According to the age stratification perspective, age norms have changed, workers can leave the labor force before they are legally defined as old through such programs as Social Security and Medicare, or before they are socially and psychologically accepted as old. Retirement is not necessarily associated with old age and should not be deemed as a loss of status or prestige, but should be regarded as a role transition because of the institutionalization of retirement and other late life roles.

For the most part, age and retirement are still linked, but this is changing. As age norms change, individuals will expect to have longer and healthier lives, but will not expect to work so long. Atchley (1988, p.187, in Hanks, 1990) stated that "it is important to recognize that while retirement was historically linked with old age, this linkage has never had a substantial basis in fact." The linkage of age with retirement was largely a by?product of the Social Security system and private corporate retirement pensions. Therefore, it is hypothesized that the expected age of retirement is related to expectations for having a long and healthy life. It is also hypothesized that an individual's perception of age is related to his or her expectation about length of healthy life.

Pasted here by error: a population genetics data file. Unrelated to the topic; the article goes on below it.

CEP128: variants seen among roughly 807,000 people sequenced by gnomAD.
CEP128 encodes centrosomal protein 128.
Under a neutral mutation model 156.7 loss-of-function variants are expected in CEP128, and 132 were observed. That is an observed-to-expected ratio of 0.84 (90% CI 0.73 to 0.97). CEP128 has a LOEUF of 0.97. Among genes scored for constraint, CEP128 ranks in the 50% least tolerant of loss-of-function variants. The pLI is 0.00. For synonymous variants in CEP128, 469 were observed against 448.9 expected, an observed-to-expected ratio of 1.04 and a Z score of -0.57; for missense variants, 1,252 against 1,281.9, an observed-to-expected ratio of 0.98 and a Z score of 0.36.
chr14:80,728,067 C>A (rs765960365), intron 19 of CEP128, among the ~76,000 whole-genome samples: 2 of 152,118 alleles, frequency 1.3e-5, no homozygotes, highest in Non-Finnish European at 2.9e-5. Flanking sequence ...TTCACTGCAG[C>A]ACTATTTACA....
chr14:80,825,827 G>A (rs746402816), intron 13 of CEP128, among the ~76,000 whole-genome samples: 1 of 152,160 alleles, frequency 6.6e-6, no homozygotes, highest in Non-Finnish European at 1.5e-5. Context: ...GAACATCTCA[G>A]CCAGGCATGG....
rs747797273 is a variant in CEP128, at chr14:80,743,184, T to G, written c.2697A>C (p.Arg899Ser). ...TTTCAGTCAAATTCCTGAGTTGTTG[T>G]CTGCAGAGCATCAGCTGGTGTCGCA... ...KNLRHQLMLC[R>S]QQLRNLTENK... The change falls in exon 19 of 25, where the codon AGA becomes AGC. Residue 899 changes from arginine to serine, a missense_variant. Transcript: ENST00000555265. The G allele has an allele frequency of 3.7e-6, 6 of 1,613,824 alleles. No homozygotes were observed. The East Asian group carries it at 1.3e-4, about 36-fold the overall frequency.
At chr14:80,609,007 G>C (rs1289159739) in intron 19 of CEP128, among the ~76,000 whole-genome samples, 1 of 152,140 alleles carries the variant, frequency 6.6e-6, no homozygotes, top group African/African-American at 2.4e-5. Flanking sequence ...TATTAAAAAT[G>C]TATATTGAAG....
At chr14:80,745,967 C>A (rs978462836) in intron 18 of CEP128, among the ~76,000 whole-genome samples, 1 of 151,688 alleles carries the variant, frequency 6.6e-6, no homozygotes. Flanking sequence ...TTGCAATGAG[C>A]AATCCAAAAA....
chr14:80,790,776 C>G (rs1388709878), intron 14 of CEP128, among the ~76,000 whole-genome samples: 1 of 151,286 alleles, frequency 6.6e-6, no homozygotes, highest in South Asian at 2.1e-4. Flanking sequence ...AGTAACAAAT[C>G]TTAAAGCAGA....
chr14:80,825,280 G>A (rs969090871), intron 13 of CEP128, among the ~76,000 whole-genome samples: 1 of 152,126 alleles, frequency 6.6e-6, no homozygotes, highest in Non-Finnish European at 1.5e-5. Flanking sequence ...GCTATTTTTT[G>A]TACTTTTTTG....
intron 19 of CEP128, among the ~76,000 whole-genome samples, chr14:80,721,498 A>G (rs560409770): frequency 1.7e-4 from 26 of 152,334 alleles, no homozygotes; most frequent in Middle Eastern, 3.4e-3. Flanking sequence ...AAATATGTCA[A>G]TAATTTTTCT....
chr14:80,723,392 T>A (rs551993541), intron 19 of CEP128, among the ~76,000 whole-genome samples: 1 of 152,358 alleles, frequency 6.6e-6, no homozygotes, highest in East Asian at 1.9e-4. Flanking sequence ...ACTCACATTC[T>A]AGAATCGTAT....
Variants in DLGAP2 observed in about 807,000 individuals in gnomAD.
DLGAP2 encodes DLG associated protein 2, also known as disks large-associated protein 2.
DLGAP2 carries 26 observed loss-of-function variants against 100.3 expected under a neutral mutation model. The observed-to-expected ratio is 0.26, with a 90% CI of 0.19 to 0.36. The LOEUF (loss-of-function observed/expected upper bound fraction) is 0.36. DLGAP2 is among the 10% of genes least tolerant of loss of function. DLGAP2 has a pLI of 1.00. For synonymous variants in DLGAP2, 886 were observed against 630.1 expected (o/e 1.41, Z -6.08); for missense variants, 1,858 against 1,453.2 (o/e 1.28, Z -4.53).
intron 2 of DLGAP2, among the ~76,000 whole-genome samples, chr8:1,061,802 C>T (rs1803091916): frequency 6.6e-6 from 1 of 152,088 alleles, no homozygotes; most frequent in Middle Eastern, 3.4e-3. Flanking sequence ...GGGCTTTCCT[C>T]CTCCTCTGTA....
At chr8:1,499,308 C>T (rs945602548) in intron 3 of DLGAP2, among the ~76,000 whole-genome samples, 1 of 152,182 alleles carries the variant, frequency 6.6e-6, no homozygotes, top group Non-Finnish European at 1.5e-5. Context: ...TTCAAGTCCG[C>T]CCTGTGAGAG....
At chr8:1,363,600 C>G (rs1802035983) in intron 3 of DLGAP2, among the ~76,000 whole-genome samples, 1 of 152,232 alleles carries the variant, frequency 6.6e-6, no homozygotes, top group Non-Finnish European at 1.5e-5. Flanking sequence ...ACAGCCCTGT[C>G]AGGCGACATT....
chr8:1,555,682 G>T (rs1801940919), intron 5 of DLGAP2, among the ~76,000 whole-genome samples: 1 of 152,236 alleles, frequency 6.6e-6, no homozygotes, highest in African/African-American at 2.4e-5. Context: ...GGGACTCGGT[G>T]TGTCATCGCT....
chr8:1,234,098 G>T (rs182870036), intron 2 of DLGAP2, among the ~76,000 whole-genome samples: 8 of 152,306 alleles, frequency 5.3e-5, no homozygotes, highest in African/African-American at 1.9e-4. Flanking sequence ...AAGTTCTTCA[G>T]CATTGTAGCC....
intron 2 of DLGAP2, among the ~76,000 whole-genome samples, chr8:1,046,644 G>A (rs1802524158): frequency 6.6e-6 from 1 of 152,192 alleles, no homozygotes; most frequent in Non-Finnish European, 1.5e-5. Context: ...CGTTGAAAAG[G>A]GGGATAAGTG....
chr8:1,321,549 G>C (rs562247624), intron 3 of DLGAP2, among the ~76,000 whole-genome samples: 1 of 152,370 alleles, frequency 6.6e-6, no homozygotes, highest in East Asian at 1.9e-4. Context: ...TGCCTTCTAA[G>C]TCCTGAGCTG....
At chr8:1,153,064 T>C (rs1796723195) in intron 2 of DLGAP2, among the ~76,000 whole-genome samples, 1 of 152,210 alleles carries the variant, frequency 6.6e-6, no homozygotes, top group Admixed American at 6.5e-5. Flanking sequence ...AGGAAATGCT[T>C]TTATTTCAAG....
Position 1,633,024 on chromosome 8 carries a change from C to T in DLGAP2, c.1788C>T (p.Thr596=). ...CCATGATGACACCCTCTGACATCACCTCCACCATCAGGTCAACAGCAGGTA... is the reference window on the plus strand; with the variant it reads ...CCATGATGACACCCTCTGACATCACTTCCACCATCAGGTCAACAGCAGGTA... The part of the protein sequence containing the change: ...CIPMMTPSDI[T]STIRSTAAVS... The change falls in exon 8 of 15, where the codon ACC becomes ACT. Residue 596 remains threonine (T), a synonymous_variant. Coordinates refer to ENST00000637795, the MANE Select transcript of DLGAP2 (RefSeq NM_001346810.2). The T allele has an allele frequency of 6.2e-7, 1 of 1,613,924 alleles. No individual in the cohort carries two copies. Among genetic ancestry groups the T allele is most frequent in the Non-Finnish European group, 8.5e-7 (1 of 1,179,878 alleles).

The Life Course

Although it was seen as a child of age stratification theory (Marshall, 1996), the life course perspective is a recent conceptual development within social and behavioral analyses of aging (Passuth and Bengtson, 1988), and is the reigning approach in contemporary social gerontology (Marshall, 1996). Three research emphases in life course perspective are described by Hagestad and Neugarten (Lachman, 1985) as follows: (1) the study of the timing of adult role transitions such as getting married, finishing school, completing military service, getting a job and retiring; (2) the analysis of age norms (e.g. old people are expected to retire); and (3) the study of perception of age (e.g. at what age is a person "middle?aged", at what age a man becomes old). As chronological age is becoming a poorer and poorer predictor of the way people live, the concept of social age was developed by Neugarten and Datan within the framework of the life course perspective (Fry, 1996). Social age refers to the social timetable of the life course as defined by people's expectations or norms at different ages (Elder, 1985).